Technically the House could pass a PR bill 20 times and the senate could reject it 20 times.

Role of corporate media

What side would the corporate media take — which usually ignores the issue of PR, except to occasionally rant it will destroy the country?

Clearly they would laud the senate’s decision to stop the “unfair, unwise and anti-democratic” legislation that would turn Canada into a “laboratory for electoral reform.” (Which is what Martin Regg Cohn said about RaBit — the ranked ballot initiative for the Toronto mayoral election.)

Even if a 50% threshold referendum is held and won, the senate could reject it claiming a 60% threshold is required. (That’s in designed-to-fail territory: New Zealand, for example, won two PR referendums by less than 60% — 54% in 1993 and 58% in 2011.)


As PR supporters formulate strategies to bring the reform to Canada, they should take the senate into consideration. It could turn out to be a bigger obstacle than legislating PR itself.

Sunday, August 18, 2013

PR: more stable government than FPP

The corporate media and business community offer many stern warnings against the dangers of PR voting reform — despite the fact that 85% of developed countries use the system.

Among them is the claim it will lead to short-lived governments paralyzed by conflict. They say we should stick with our existing system FPP, which provides “strong, stable government.” According to the Toronto Star:

“The best argument in favour of [FPP] is that it leads to strong governments. By contrast, proportional representation is a recipe for unstable coalitions, permanent minority government and legislative chaos.”

How true is this claim?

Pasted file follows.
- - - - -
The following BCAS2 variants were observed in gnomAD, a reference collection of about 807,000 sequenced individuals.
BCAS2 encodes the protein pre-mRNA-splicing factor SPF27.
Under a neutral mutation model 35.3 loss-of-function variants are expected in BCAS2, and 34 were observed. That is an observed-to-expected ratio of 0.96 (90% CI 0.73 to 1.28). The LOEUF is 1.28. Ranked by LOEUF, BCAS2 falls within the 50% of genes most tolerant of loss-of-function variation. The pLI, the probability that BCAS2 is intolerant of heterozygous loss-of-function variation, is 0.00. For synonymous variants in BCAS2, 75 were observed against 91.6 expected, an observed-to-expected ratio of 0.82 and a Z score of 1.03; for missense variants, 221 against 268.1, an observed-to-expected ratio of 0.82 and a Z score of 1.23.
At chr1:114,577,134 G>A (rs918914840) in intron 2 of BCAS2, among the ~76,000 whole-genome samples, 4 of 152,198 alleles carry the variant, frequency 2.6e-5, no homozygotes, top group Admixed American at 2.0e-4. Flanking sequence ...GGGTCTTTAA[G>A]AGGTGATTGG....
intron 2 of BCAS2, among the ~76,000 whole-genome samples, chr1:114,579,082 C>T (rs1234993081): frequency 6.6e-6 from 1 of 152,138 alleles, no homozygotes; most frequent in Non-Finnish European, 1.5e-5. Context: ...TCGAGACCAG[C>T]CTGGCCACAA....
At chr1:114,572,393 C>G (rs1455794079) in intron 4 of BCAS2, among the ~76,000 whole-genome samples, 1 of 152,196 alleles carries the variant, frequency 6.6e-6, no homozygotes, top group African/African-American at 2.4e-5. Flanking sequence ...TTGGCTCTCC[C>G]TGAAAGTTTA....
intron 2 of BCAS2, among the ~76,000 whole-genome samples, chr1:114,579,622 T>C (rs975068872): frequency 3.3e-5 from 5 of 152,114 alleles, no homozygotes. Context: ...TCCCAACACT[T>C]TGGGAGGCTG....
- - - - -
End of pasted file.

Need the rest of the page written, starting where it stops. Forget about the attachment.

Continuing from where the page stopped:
And the winner is…

Let’s compare Canada’s post-war government stability under FPP to that of Western European nations that use “chaotic” PR:

At 3.1 years ranking 11 of 12, Canada is clearly no paragon of government stability under “strong, stable” FPP.

Why FPP is less stable

Andrew Coyne points out why FPP is actually less stable than PR:

“We think of minority governments as unstable because, in our present winner-take-all system, they are: the payoff from [a] two per cent swing [vote] is such that every party has its finger poised over the election button, ready to press it the minute they get a pop in the polls.
“But take away the leverage—let a two per cent swing in the popular vote mean a two per cent change in seats—and everyone is forced to calm down. Politics becomes more incremental, a matter of long-term persuasion, rather than short-term gambles.”

The real reason FPP is promoted

The reason the business community promotes FPP is because it’s easier for them to influence government under single-party “benign dictatorships.” If we use a democratic voting system that produces multi-party majority governments — reflecting the true will of the people — their corrupt advantage disappears.

No doubt the foxes will howl in indignation if their position guarding the chicken coop comes under threat. But Canadians must ignore their self-serving snarls and focus on the facts.

The choice is ours